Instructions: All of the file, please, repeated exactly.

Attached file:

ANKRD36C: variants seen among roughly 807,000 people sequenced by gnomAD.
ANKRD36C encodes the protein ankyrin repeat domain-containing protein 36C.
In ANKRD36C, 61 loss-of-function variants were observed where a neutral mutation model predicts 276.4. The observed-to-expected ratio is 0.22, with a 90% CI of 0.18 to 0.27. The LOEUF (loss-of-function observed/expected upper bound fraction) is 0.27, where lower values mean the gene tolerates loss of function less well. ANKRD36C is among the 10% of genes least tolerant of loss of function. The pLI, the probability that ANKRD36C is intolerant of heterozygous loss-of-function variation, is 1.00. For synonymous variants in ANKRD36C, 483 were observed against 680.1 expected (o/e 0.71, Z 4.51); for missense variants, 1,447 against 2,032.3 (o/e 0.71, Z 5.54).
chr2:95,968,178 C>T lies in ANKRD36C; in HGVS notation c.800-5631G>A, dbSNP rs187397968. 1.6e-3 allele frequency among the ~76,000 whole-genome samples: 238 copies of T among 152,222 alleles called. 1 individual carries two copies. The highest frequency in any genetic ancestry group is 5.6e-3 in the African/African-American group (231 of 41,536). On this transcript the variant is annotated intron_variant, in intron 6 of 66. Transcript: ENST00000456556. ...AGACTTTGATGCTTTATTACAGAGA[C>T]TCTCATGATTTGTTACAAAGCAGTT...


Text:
ANKRD36C: variants seen among roughly 807,000 people sequenced by gnomAD.
ANKRD36C encodes the protein ankyrin repeat domain-containing protein 36C.
In ANKRD36C, 61 loss-of-function variants were observed where a neutral mutation model predicts 276.4. The observed-to-expected ratio is 0.22, with a 90% CI of 0.18 to 0.27. The LOEUF (loss-of-function observed/expected upper bound fraction) is 0.27, where lower values mean the gene tolerates loss of function less well. ANKRD36C is among the 10% of genes least tolerant of loss of function. The pLI, the probability that ANKRD36C is intolerant of heterozygous loss-of-function variation, is 1.00. For synonymous variants in ANKRD36C, 483 were observed against 680.1 expected (o/e 0.71, Z 4.51); for missense variants, 1,447 against 2,032.3 (o/e 0.71, Z 5.54).
chr2:95,968,178 C>T lies in ANKRD36C; in HGVS notation c.800-5631G>A, dbSNP rs187397968. 1.6e-3 allele frequency among the ~76,000 whole-genome samples: 238 copies of T among 152,222 alleles called. 1 individual carries two copies. The highest frequency in any genetic ancestry group is 5.6e-3 in the African/African-American group (231 of 41,536). On this transcript the variant is annotated intron_variant, in intron 6 of 66. Transcript: ENST00000456556. ...AGACTTTGATGCTTTATTACAGAGA[C>T]TCTCATGATTTGTTACAAAGCAGTT...